The Diamondback DB9 is an often-overlooked ultra-compact 9mm CCW pistol that's been around for a while, but its small size may make it still worth considering.
Currently, the most popular handguns for personal protection are what are often called ultra-compacts. Handguns of this size are nothing new, but what’s relatively new are handguns this small that are chambered for the 9mm Luger. The reason this type of firearm has become so popular is because as the popularity of concealed carry rises, so too does the realization that a full-size pistol is uncomfortable to carry and hard to conceal. So, every year, we see new introductions into this segment of the market.
Ironically, one of the smallest and easiest to conceal 9mm handguns has been around for a while, and it’s often ignored by those looking for something small, easy to conceal and comfortable to carry. It’s the DB9 from Diamondback. My first exposure to this handgun was more than a decade ago while I was hunting alligators in the Florida swamps. Not only did I use the DB9 to shoot alligators that were hauled up along the side of an airboat, but I also got to tour the factory. As a result of that visit, I’ve had a DB9 that I keep handy anytime I need a handgun for deep concealment.
Over that past decade, that little pistol has served me well and has proven to be very reliable. A friend begged me out of it, so I acquired another, newer DB9. This pistol is less than 6 inches long, less than an inch wide, less than 5 inches tall and tips the scales—unloaded—at less than 14 ounces. It holds 6+1 rounds of 9mm ammunition, and there are 15 different variants to choose from. The DB9 comes with one magazine and two base pads. One of the base pads extends below the grip for little finger support, and the other fits flush.
Sights on the DB9 vary depending on the model. Several have what I’d call bumps or pocket pistol sights. They work, but they’re small. Four versions of the DB9 come with more conventional handgun sights of the three-dot variety, and these DB9s are compatible with aftermarket Glock sights. Unless you’re going to pocket carry, I’d for sure recommend one of the versions with the better sights. At 10 yards, I was able to keep my shots inside a 3-inch circle and run the Forty-Five Drill—five shots, inside a 5-inch circle, at 5 yards, in less than 5 seconds—in an average of about 4 seconds, and that’s drawing from a coat pocket.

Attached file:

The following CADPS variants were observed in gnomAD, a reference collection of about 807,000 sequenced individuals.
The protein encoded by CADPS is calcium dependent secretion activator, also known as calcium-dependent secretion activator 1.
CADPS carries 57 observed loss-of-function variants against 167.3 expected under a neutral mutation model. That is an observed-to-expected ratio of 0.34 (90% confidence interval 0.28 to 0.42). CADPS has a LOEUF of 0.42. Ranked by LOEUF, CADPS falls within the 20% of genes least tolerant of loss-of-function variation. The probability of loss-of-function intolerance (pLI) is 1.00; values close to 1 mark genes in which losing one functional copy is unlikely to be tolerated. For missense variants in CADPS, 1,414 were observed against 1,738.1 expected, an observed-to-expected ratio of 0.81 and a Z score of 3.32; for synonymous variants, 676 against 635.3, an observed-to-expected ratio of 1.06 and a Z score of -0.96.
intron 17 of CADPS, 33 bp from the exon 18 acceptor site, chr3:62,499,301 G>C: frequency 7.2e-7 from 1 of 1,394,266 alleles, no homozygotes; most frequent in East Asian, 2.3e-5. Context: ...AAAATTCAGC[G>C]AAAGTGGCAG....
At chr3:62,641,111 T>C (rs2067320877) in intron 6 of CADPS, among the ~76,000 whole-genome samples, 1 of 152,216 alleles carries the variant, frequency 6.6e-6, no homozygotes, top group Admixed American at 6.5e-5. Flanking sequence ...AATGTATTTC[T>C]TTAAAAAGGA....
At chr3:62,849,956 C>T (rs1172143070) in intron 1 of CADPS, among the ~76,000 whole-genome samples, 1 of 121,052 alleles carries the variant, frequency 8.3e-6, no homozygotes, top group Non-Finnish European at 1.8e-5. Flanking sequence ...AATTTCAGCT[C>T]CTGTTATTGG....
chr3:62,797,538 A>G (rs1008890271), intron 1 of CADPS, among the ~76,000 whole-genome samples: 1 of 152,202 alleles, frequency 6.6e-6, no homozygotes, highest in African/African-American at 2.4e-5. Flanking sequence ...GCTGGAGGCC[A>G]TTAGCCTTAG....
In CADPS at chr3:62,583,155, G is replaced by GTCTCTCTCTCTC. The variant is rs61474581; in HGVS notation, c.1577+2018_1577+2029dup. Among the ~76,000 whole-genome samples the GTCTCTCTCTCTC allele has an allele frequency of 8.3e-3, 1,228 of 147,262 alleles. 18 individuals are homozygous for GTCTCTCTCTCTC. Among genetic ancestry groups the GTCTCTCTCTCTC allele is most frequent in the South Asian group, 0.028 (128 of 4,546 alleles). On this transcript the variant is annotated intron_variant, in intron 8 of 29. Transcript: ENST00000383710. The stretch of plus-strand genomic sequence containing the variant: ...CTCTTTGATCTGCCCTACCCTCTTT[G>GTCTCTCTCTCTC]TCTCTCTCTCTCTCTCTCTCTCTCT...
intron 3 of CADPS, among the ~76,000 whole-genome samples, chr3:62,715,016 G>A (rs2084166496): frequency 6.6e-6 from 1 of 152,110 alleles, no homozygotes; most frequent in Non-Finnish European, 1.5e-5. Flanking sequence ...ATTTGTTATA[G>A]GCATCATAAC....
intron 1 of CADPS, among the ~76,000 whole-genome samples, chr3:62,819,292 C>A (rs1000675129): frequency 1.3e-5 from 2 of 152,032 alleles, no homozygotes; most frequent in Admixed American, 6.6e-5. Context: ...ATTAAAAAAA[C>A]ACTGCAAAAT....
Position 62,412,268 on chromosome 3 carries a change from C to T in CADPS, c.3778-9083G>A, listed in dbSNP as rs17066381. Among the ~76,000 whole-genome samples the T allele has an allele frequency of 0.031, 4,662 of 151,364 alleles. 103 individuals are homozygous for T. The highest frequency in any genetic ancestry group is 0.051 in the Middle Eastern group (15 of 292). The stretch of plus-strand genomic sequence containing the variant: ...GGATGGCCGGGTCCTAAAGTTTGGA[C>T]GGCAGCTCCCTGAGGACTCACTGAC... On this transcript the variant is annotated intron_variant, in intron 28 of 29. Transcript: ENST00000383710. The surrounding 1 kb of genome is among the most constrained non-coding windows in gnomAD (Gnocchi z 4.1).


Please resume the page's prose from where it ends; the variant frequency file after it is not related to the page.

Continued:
The DB9 is thin and light, and with full power 9mm loads, it’ll bite your hand a bit. But, honestly, what would you expect from such a small pistol? I wouldn’t want to take a 250-round per day training course with the DB9, but, of course, that’s not what this pistol was designed for. It’s intended to provide you security without bulk; it’s a deep concealment handgun. My friend carries his every day at work in an office environment, and in the appendix position and in one of those little Sticky holsters. He tells me he often forgets the gun is even there.
Some will tell you that the DB9 isn’t very reliable. That hasn’t been my experience at all. However, I’ll append that with the advice this is a pistol you must hold on to when you pull the trigger. If you try to shoot it with a relaxed grip, like you might be able to do with a duty-size 9mm pistol, don’t be surprised if reliability lessens. The smaller 9mm pistols get, the firmer they must be held and the stiffer the wrist must be kept. My daughters recently discovered this during a training course they took with one of the new Mossberg MC2sc pistols. I think this is one of the reasons the DB9 and other ultra-compact 9mm pistols sometimes get a bad rap for reliability. Shooter-induced stoppages aren’t reliability problems inherent to the handgun.
For more information, please visit diamondbackfirearms.com.
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